Sharing with everyone is passé and more than a little bit scary these days. We want to send photos to friends without posting them publicly. We want to reminisce without being permanently defined by our timelines. And we want the utility of apps without giving away our contact info to developers.
The problem is that this philosophy is hard to monetize for a social network that needs to maximize broadcasted content and engagement to score ad views. But it’s easy to monetize if you sell the phone and then let people be as private as they want on it. That’s why today at WWDC, Apple showed off changes that turn iOS into the asocial network — software that mimics the tools of Facebook but without the pressure to overshare.
Most stunningly, Apple will require apps that offer third-party login options like those from Facebook and Google to integrate its new Sign In With Apple feature that lets users hide their email addresses from developers. It’s a power move that makes Facebook look wreckless with your contact info by comparison.
Privacy has been a core Apple talking point for years, from the iPhone’s secure enclave and FaceID to message encryption to protection against tracking. But those safeguards have been focused on getting out of the way to let Apple’s products to ‘just work’. Increasingly, Apple is moving privacy further forward in the user experience to highlight how you can get more out of sharing less. That’s a wise strategy since the company has proven its inability to build full scale social networks out of Ping, Apple Music Connect, and iMessage.
“At Apple, we believe privacy is a fundamental human right and we engineer it into every single thing we do” said Apple SVP Craig Federighi . Mark Zuckerberg declared “The future is private” at Facebook’s F8 conference a month ago, but proved it wasn’t his company’s past or present by failing to launch products that protect users. Now like Google did at I/O a few weeks ago with a slew of privacy tech launches, Apple is actually living up to its talking points with today’s beta release of iOS 13.
Photo Message Recommendations – When you bring up the Share Sheet for a photo or video in iOS 13, Apple will recommend people to send it to over iMessage or Mail based on who you frequently share with and if friends appear in the content. With a few taps you can privately deliver your imagery to a slew of your closest friends and favorite group chats, which could eliminate the need to post it more widely on Facebook or Instagram.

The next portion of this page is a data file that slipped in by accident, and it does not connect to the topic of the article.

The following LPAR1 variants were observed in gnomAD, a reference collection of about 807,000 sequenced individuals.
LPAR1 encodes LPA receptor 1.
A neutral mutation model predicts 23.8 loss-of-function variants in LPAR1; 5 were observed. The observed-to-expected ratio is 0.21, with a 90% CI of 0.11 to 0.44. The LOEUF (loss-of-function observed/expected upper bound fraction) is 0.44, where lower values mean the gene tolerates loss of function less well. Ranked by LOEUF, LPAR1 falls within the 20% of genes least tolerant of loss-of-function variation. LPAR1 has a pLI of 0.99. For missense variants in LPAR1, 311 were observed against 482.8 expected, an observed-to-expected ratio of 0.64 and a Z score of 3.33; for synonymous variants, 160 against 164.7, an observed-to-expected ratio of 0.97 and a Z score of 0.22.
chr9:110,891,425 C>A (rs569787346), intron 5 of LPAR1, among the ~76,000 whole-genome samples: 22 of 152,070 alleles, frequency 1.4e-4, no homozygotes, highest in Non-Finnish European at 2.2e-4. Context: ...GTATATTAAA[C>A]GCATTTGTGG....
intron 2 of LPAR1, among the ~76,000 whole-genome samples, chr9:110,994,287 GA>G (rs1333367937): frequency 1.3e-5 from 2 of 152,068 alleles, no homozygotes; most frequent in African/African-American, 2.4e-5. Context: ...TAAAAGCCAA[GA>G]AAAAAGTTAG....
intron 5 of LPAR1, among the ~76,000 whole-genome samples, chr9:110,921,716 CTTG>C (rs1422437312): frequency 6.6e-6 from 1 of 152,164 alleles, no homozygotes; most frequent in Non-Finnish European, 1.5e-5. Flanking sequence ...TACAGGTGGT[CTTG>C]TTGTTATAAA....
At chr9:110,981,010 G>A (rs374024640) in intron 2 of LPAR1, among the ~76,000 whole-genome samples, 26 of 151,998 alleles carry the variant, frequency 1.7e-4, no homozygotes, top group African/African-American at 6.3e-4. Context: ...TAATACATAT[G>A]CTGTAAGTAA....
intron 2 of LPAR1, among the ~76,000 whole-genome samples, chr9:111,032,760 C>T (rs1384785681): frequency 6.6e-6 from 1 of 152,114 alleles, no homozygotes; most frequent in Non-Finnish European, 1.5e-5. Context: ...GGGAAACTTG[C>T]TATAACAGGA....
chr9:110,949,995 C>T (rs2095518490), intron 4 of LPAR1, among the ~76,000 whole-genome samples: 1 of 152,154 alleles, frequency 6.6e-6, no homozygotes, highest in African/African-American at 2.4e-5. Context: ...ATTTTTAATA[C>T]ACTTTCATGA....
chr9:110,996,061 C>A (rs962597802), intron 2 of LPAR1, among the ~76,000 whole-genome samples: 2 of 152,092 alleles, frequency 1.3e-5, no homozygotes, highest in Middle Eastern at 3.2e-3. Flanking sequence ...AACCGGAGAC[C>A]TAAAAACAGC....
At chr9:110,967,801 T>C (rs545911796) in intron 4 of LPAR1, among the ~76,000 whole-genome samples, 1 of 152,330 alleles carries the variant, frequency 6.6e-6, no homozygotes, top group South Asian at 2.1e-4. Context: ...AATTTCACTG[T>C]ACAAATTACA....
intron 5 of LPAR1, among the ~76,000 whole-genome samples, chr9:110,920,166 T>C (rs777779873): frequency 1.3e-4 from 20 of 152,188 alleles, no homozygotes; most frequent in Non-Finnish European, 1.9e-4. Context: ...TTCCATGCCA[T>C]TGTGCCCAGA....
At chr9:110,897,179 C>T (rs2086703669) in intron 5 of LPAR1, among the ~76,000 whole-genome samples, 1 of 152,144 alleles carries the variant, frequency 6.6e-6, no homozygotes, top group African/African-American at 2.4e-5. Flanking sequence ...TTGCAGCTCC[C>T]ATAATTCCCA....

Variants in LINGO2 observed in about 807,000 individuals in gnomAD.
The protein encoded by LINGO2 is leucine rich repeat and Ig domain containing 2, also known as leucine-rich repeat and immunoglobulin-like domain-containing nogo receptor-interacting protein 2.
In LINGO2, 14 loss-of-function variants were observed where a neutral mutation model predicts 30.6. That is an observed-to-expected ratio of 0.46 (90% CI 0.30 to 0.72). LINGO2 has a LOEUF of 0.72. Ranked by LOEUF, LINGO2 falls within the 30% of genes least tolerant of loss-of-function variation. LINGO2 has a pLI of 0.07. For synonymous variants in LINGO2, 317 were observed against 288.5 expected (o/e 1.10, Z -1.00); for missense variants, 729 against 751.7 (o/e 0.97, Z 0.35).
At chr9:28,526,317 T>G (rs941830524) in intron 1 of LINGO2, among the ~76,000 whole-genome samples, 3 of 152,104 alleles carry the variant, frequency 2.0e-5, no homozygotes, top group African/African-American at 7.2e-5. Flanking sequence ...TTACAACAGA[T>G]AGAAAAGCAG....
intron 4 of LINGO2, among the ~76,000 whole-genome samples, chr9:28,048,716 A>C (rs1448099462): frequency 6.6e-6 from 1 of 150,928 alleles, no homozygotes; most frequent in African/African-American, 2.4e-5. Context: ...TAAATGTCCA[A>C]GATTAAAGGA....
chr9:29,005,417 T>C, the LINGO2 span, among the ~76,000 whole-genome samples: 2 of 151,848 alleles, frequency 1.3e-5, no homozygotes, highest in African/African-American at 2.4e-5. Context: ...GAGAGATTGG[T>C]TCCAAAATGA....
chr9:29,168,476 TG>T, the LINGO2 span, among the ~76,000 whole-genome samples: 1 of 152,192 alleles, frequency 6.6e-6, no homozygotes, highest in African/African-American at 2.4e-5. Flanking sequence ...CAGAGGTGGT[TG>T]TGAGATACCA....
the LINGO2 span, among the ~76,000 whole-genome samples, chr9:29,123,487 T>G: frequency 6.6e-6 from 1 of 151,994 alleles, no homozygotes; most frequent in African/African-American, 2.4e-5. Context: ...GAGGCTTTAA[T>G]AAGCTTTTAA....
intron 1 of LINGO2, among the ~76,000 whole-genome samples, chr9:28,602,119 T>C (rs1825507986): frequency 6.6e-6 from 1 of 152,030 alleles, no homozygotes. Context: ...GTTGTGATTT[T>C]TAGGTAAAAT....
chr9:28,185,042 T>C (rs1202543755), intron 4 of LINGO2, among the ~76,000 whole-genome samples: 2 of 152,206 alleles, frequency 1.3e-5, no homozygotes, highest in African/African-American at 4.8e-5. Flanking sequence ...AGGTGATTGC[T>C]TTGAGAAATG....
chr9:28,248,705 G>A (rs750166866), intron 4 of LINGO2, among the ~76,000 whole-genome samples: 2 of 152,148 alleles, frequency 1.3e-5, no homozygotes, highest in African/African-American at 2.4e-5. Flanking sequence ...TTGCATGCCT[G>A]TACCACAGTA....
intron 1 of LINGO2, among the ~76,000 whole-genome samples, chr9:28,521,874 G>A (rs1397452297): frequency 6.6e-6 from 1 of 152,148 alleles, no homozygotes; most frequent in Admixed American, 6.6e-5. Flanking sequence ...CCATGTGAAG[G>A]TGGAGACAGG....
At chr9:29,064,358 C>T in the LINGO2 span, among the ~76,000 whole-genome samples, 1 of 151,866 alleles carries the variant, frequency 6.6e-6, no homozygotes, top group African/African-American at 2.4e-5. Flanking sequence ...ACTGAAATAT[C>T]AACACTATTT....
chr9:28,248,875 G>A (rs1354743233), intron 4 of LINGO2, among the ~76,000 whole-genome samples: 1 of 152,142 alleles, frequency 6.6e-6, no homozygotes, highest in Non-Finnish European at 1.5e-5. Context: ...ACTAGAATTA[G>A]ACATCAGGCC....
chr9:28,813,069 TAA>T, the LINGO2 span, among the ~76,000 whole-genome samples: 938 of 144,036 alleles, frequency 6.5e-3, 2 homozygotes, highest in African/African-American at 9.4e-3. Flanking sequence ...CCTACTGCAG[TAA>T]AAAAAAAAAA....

Asocial Media Tools – Instagram offers no way to download a photo or video you edit without first posting it to the feed first. That greedy growth hack leaves room for Apple to usurp more of the creative process. iOS 13 will let you edit videos for lighting, color, contrast, and more plus rotate clips you accidentally shot sideways — all which Instagram and Facebook can’t do. Forgoing the social network side lets Apple focus on tools that you’re free to use however you want.
And with the new Photo Day feature, Apple automatically hides and emphasizes different photos from each day to create magazine-style layouts. These ignite nostalgia and create a visual diary without the embarassment of all that content being on social media to power those TimeHop and Facebook On This Day features.
Memoji – To date, Apple’s interest in animated avatar masks that look like you has centered around FaceTime and video messages. But now it’s realizing how these virtual mini-me’s can enhance privacy while connecting more deeply. iOS 13 will let you opt to share your name and Memoji (or a real photo) as your message thread thumbnail in iMessage so new conversation partners like group chat friends-of-friends can better identify you without showing strangers your actual face. And Memoji can now be used as pre-generated stickers in chat, making it a direct competitor to Snapchat’s Bitmoji and Facebook’s Avatars that just launched today……Read More>>